The brakes were sorted with a custom offset, 300mm floating disc. The caliper is a custom built 6-piston billet piece from Harrison. The master cylinder is a 14mm K-Tech unit. The change in braking feel and performance is phenomenal, one or two fingers and a fantastic progressive feel to the braking. I usually use a 17mm Nissin Radial Master on kits I sell as these match the bikes and are plug and play, but the K-Tech suited this bike much better. You can see the fins I had machined in the caliper to match the master cylinder.
The front suspension is normally fixed with progressive springs and a change in oil weight but I wanted to go further. I didn’t want to just graft a GSXR front end on and call it a day, I wanted to do it right. I shaved and polished the fork lowers and installed an Andreani cartridge kit, adjustable for rebound, compression and sprung correctly for the bike and rider’s weight. The top caps were re-anodised silver to match the rest of the front end as the Andreani ones are grey/yellow.
The rear suspension was a much simpler option, Hagon made me some custom length shocks with billet tops to suit the bike. The shocks are 25mm longer than standard and the forks have been dropped 25mm with a machined top and bottom triple set from Fastec. This has the obligatory Motogadget speedo integrated into it.
The bike had to feel solid. Having ridden a few Triumph scramblers, I have always thought they felt a little “spindly” with the 22m handlebars. To avoid that and give the bike a sturdier feel, I used a set of 25mm Western handlebars that I cut 2 inches off. I think they were meant for a Harley so were way too wide, but after being trimmed, they look the part perfectly.
To keep the slim looks that a Sled should have, all the wiring is internal and some fancy micro-switches keep it all neat and tidy. The headlight is a perfectly egg-shaped Motodemic unit which complements the lines of the tank and mudguards.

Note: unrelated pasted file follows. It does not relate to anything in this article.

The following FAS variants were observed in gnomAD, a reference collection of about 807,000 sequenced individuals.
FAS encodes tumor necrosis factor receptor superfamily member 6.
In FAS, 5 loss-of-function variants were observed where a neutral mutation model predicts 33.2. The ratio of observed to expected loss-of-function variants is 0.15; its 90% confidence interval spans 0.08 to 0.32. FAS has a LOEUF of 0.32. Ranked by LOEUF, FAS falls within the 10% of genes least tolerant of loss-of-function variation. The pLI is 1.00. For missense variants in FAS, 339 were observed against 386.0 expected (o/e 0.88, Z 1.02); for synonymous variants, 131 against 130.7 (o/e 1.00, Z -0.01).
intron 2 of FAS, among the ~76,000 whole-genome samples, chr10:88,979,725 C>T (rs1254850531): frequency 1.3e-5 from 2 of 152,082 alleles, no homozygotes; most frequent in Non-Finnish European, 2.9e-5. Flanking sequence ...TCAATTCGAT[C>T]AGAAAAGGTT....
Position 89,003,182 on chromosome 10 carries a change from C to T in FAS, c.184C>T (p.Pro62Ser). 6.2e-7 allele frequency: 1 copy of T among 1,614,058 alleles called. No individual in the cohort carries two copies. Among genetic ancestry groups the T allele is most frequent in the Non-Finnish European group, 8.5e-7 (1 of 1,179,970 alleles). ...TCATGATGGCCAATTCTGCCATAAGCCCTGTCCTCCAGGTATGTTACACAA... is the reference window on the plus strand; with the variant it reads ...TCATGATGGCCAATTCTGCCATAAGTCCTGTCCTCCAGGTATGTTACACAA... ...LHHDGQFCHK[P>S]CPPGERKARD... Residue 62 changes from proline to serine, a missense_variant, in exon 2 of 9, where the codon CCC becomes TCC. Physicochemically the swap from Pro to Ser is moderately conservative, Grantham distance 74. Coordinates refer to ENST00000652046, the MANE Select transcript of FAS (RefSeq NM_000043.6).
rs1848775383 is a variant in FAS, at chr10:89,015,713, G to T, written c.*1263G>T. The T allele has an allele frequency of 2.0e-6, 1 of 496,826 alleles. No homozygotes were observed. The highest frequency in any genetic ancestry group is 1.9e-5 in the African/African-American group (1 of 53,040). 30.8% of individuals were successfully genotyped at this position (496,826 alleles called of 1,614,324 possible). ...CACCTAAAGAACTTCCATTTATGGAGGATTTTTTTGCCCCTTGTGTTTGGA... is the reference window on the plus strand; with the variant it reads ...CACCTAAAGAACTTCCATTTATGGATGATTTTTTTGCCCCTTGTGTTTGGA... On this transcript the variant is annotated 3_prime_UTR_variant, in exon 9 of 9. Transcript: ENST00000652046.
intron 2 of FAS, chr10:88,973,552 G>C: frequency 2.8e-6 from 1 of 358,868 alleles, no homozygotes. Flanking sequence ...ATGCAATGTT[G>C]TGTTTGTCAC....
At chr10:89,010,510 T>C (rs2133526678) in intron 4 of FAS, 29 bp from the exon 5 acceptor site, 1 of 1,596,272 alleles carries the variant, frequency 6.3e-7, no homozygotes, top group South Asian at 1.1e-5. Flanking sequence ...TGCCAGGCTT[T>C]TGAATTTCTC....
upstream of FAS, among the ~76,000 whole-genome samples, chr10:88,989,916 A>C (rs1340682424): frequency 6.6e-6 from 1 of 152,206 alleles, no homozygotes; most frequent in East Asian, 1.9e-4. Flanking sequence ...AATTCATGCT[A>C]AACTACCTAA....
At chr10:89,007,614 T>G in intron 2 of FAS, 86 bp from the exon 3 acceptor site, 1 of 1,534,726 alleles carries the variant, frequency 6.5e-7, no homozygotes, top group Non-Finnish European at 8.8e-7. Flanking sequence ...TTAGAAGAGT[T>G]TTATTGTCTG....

Next up was the tank. Most of the retro bikes have these horrible tank seams, that had to go. I was going to cut and weld it, but decided on weld-filling the seam to retain the straight tank and seat line. The fuel cap was cut out and patched and replaced with a flush-fitting aero cap to keep the lines clean.
I’m quite pleased how the tank came out, with the knee pads removed and the gold stripes against the blue, it really does cut a lovely and lean shape. When you look at the bike from above the seat and tank narrow into a waspish waist in the middle.
The frame was stripped, chopped, de-bracketed and then polished, copper-plated and finally nickel-plated. I’ve always loved the look of the Rickman Meitesse scramblers with their nickel frames, so decided to do something similar. The rear subframe was chopped and an integrated luggage rack welded on.
I wanted the vertical subframe to follow into the luggage rack, because lines are everything. The same goes for the machined billet swingarm, the triangular shapes that have been machined out match with the triangle formed by the shock, swingarm and frame. I might be slightly obsessed with symmetry/asymmetry!
Wheels were straightforward, hubs blasted and polished and re-laced Aluminium Morad rims in 19×3.00 for the front and 18×4.25 for the rear. The tyres are Continental TKC80, one size larger than standard, 110/80R19 in the front and 140/80R18 for the rear. I could have gone wider on the tyres, but prefer the handling to be light and with the over-sized rims the wheels look fantastic.
I used stainless steel for the exhaust pipes as it turns gold with the heat from the engine. This compliments the warm tone of the nickel frame and the brass highlights on the bike. I believe less is more when it comes to brass on a bike so I kept it simple, brass clutch register, brass kickstart lever and brass exhaust tips. Just enough.
Lastly, the engine was cleaned and polished. Some Keihin CR Special carbs grafted on and some polished stainless shotgun pipes to suit the Sled ethos. The pipes are straight through and yes, it’s loud, but sounds glorious with the 360-degree cranked twin of the W650. There’s a lopey popping idle which turns into a roar at full chat and a rasp on the over-run.
With the CR Special carbs the throttle response is instant and the bike just wants to go. I had considered punching the engine out to 854cc but these engines are just so brilliant as is, all you need to do is let them breathe.
My goal was to build a Desert Sled with modern handling for comfort and performance, it needed to be reliable and fast. I wanted to do this while maintaining the 60’s style and have a clean and polished finish to it. It took me a year and everything was done slowly and meticulously, every nut and bolt was agonised over and there were a few changes in direction but in the end, I think I achieved my goal — a close to perfect modern Sled.